Exiles: The wars
Clipper Media e RAI CINEMA
Film editing by
Tommaso Gimignani, Vittorio Giannelli – Edizioni Warner Chappell Music Edition
Con il patrocino dell’Alto Commissariato delle Nazione Unite per i Rifugiati
Thousands and thousands of people are exiled due to wars. 55% of all refugees come from the main countries affected by conflicts: Afghanistan, Somalia, Iraq, Syria and Sudan. Studies maintain that entire areas of the world could be de-populated in the next decade due to the increasing of conflicts.
War refugees, internal displaced persons and asylum seekers represent the best known and most dramatic side of forced departure. The “refugee camp” is the most emblematic and unresolved example of this, since it is often a situation of protracted humanitarian assistance, where programmes for re-settlement and re-introduction in society languish at length.
We are dealing with thousands of people obliged to leave their homes to look for shelter in neighbouring countries. Thousands of people fleeing from conflicts that increasingly involves civilian populations.
The documentary movie “Exiles, the wars” is dedicated to these refugees and to the stories of those who have been forced to flee to make safe theirs lives and theirs families’ ones.
The aim of this documentary is to contribute to a better understanding of the conditions of life for war refugees, and to a greater solidarity and capacity to welcome and accept them on the part of European citizens.
From the refugee camps to the informal settlements, from the urban refugees to the ones integrated in the host societies, the documentary emphasizes the life stories, the memories, emotions and desires of the characters.
In 70 minutes, this documentary narrates the reasons for escape; life inside refugee camps; the sufferings, emotions and hopes of people who were forced to abandon their countries.
The tales of the main characters lead the spectator into the daily lives of a refugee camp. Concrete problems are discussed, together with an investigation of the intimate and existential meaning of being a refugee.
In contrast with the personal experiences, distinguished institutional figures’ speeches help the spectator understand the historic and social reasons for the exile and awaken an increasingly anesthetised public towards the suffering of others, and forgetful of its own past.
A distressing picture comes out from the documentary, with thousands of people living on the edge of survival, in need of total assistance and in a condition of insecurity at all levels: housing, health, education, job and economy.
The documentary starts with the pictures and the experiences gathered in the biggest refugee camp in the world: Dadaab. Here, in a remote, arid and desolate land on the boarder line between Kenya and Somalia, around 430.000 Somalis escaped from war are living from over 20 years.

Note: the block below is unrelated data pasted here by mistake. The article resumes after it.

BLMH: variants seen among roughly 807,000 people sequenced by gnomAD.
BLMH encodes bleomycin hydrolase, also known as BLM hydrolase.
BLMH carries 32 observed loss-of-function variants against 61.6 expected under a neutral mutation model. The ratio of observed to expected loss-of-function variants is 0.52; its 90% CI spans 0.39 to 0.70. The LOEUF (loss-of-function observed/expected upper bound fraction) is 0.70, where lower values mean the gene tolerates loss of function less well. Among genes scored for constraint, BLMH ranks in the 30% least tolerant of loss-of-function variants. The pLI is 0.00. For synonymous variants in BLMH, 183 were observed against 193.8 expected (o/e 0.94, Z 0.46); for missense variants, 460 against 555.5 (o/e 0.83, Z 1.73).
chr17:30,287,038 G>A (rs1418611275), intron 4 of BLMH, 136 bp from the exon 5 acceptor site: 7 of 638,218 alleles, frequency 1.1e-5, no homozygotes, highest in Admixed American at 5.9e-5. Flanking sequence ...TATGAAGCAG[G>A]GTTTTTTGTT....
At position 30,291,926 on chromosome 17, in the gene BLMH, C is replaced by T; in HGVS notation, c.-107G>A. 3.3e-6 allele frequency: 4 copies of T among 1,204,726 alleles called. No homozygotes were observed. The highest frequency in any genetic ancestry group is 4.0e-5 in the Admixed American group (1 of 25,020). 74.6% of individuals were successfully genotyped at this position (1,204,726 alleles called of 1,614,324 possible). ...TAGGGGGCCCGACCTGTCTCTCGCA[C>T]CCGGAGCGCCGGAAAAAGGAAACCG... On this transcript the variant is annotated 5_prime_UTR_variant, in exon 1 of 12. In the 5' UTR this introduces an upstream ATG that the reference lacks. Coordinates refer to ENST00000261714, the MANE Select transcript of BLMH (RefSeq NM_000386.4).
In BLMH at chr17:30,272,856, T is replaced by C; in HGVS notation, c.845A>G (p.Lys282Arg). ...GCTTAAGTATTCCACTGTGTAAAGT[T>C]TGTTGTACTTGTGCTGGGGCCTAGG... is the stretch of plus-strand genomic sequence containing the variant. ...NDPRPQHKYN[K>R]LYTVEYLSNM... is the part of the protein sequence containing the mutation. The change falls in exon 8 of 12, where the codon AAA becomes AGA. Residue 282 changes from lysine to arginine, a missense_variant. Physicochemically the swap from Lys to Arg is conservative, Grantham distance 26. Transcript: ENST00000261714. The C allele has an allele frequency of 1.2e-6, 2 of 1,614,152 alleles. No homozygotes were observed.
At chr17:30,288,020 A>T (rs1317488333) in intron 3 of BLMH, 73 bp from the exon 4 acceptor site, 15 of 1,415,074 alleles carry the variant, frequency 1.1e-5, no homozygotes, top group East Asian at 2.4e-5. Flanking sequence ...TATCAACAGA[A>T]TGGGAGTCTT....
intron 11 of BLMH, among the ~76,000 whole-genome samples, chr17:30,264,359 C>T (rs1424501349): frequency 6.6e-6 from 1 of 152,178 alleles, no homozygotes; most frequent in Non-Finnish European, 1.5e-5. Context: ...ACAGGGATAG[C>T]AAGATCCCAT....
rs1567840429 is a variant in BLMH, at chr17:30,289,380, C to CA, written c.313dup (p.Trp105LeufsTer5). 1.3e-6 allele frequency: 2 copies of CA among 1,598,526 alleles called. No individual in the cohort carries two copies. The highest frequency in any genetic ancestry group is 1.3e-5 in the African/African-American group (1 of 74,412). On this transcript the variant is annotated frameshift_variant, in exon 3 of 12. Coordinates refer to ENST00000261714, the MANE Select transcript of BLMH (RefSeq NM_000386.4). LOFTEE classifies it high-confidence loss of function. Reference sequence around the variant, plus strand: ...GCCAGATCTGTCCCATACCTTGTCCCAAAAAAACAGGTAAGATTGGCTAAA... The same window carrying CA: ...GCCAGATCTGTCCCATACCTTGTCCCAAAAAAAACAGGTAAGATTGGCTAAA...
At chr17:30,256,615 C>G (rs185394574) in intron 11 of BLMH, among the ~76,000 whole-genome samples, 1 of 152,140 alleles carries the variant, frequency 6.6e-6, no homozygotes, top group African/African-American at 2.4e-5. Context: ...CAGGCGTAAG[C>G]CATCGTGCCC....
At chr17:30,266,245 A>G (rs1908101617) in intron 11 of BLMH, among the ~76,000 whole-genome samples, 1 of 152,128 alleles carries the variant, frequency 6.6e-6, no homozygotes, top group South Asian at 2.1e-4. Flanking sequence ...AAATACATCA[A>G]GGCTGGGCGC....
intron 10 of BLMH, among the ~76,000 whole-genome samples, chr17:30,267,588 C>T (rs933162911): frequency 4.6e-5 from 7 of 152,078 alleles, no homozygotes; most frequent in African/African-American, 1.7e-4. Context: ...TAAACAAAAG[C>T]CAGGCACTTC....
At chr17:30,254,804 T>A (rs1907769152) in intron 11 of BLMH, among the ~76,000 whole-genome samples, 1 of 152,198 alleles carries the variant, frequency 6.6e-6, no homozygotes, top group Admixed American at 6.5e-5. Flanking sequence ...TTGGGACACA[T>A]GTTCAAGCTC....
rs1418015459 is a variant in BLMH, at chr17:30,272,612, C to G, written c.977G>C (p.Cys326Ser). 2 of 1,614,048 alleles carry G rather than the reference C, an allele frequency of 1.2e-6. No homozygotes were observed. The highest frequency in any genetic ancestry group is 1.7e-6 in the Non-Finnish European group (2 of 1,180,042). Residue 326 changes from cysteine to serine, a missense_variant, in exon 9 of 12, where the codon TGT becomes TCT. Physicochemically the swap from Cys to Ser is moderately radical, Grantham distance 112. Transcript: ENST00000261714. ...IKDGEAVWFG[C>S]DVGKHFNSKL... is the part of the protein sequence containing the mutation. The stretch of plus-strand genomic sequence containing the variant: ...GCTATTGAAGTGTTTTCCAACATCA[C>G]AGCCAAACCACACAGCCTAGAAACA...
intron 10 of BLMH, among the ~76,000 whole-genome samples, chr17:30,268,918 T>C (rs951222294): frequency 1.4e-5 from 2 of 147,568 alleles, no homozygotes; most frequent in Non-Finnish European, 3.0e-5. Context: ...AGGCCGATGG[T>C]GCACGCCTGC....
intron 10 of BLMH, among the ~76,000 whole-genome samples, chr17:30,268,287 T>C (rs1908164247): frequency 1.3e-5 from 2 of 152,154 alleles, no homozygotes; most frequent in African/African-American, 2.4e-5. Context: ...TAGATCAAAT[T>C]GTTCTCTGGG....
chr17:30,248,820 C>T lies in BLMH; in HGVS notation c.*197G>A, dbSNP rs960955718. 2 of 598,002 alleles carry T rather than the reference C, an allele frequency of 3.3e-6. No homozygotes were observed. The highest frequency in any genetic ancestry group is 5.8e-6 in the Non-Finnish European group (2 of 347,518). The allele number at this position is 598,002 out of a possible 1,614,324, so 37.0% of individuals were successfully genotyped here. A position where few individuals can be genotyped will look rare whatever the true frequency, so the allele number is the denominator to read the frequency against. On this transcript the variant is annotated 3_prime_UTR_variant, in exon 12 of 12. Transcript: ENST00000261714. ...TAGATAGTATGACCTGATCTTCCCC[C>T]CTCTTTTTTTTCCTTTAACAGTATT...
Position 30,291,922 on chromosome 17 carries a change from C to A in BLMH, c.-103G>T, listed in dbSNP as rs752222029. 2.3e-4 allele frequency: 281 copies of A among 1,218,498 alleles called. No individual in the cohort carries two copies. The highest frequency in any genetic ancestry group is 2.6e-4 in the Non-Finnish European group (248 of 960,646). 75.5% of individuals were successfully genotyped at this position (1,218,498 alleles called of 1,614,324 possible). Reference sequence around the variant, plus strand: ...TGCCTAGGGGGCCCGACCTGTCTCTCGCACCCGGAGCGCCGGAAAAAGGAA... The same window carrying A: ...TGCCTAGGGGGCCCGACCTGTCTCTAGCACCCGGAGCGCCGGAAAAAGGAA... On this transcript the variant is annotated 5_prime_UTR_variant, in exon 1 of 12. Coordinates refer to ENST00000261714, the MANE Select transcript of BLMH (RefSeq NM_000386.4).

Dadaab camp appears as a huge shanty town where life goes on marked by the rhythm of humanitarian aid distribution, attacks and raids. This situation, together with the fact that people are often without documents, makes it impossible for them to leave the camps.
In the Dadaab camp we arrived to shoot in a very dangerous situation since militant groups from Al Shabaab -the Somali Jihadist group- are based there and mixed up among the refugee population. In the last years, in fact, several serious accidents took place in the camp, including the kidnapping of foreign aid workers and the killing of local refugee leaders, aid workers and policemen. For this reason, the great part of the humanitarian organizations stopped their aid activities in the camp. With the help of the UNCHR’s local staff we could visit all the five camps which composed the Dadaab settlement.
From Africa we go to the war in Syria, which is causing the escape of more than 2 million people, and is generating the biggest humanitarian crisis of the last decade. Their stories take place between Jordan and Turkey : in Zaatari camp, 12 km far from the border between Syria and Jordan, growing so fast that it has become the fourth largest city in Jordan, with 150,000 inhabitants and in the Ackakale refugee camp, established by the government in April 2012, which shelters about 17,000 Syrian refugees.
The shootings among Syrian refugees were implemented during the great emergency causing miles of people fleeing in neighbouring countries and very near to the borderline and to the focal point of the conflict.
The documentary ends with the stories of the 1948 period Palestinian refugees. They left their country, convinced that they would return after a few days and are still away from their own land, with their children and grandchildren, to whom they have handed down the status of refugees. These are stories of humiliation and rebirth on the shores of the Dead Sea, where only a few kilometres separate our protagonists from their own country, their abandoned homes and the loved ones they have never seen again
The documentary is now edited and ready to be broadcasted through the main International Film Festivals.